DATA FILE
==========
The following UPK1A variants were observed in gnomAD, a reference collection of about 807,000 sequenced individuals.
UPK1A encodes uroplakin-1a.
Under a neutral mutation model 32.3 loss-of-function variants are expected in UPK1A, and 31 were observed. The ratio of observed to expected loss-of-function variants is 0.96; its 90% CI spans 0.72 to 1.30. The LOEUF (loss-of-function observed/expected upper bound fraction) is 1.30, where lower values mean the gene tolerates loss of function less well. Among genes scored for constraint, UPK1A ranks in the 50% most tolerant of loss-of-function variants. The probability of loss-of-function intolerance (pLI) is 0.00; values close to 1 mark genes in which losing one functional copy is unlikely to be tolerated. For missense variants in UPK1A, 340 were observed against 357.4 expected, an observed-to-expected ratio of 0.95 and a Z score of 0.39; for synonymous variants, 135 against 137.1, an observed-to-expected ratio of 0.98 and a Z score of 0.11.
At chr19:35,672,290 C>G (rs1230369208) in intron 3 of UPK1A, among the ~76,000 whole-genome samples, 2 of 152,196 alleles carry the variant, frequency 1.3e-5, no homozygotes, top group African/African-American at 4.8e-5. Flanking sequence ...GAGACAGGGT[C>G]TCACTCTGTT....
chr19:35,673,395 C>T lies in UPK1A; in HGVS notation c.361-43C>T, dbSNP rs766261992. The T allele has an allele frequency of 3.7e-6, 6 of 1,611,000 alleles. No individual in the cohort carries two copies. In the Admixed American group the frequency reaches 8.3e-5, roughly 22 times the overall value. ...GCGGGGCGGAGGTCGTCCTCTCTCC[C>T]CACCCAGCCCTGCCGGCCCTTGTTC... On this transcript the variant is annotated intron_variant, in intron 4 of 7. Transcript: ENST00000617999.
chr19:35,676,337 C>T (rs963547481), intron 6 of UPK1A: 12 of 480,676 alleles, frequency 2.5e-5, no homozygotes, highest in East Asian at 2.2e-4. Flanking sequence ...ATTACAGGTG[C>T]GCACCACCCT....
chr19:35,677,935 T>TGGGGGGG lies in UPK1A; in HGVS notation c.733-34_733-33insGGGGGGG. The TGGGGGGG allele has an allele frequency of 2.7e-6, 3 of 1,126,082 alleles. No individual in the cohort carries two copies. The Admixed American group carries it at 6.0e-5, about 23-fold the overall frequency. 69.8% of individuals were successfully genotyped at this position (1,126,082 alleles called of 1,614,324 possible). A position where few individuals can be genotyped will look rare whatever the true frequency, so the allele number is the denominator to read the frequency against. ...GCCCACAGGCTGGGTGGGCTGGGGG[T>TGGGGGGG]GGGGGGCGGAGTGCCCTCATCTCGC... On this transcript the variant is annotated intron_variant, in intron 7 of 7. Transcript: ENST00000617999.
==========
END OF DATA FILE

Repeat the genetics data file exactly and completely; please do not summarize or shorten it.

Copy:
The following UPK1A variants were observed in gnomAD, a reference collection of about 807,000 sequenced individuals.
UPK1A encodes uroplakin-1a.
Under a neutral mutation model 32.3 loss-of-function variants are expected in UPK1A, and 31 were observed. The ratio of observed to expected loss-of-function variants is 0.96; its 90% CI spans 0.72 to 1.30. The LOEUF (loss-of-function observed/expected upper bound fraction) is 1.30, where lower values mean the gene tolerates loss of function less well. Among genes scored for constraint, UPK1A ranks in the 50% most tolerant of loss-of-function variants. The probability of loss-of-function intolerance (pLI) is 0.00; values close to 1 mark genes in which losing one functional copy is unlikely to be tolerated. For missense variants in UPK1A, 340 were observed against 357.4 expected, an observed-to-expected ratio of 0.95 and a Z score of 0.39; for synonymous variants, 135 against 137.1, an observed-to-expected ratio of 0.98 and a Z score of 0.11.
At chr19:35,672,290 C>G (rs1230369208) in intron 3 of UPK1A, among the ~76,000 whole-genome samples, 2 of 152,196 alleles carry the variant, frequency 1.3e-5, no homozygotes, top group African/African-American at 4.8e-5. Flanking sequence ...GAGACAGGGT[C>G]TCACTCTGTT....
chr19:35,673,395 C>T lies in UPK1A; in HGVS notation c.361-43C>T, dbSNP rs766261992. The T allele has an allele frequency of 3.7e-6, 6 of 1,611,000 alleles. No individual in the cohort carries two copies. In the Admixed American group the frequency reaches 8.3e-5, roughly 22 times the overall value. ...GCGGGGCGGAGGTCGTCCTCTCTCC[C>T]CACCCAGCCCTGCCGGCCCTTGTTC... On this transcript the variant is annotated intron_variant, in intron 4 of 7. Transcript: ENST00000617999.
chr19:35,676,337 C>T (rs963547481), intron 6 of UPK1A: 12 of 480,676 alleles, frequency 2.5e-5, no homozygotes, highest in East Asian at 2.2e-4. Flanking sequence ...ATTACAGGTG[C>T]GCACCACCCT....
chr19:35,677,935 T>TGGGGGGG lies in UPK1A; in HGVS notation c.733-34_733-33insGGGGGGG. The TGGGGGGG allele has an allele frequency of 2.7e-6, 3 of 1,126,082 alleles. No individual in the cohort carries two copies. The Admixed American group carries it at 6.0e-5, about 23-fold the overall frequency. 69.8% of individuals were successfully genotyped at this position (1,126,082 alleles called of 1,614,324 possible). A position where few individuals can be genotyped will look rare whatever the true frequency, so the allele number is the denominator to read the frequency against. ...GCCCACAGGCTGGGTGGGCTGGGGG[T>TGGGGGGG]GGGGGGCGGAGTGCCCTCATCTCGC... On this transcript the variant is annotated intron_variant, in intron 7 of 7. Transcript: ENST00000617999.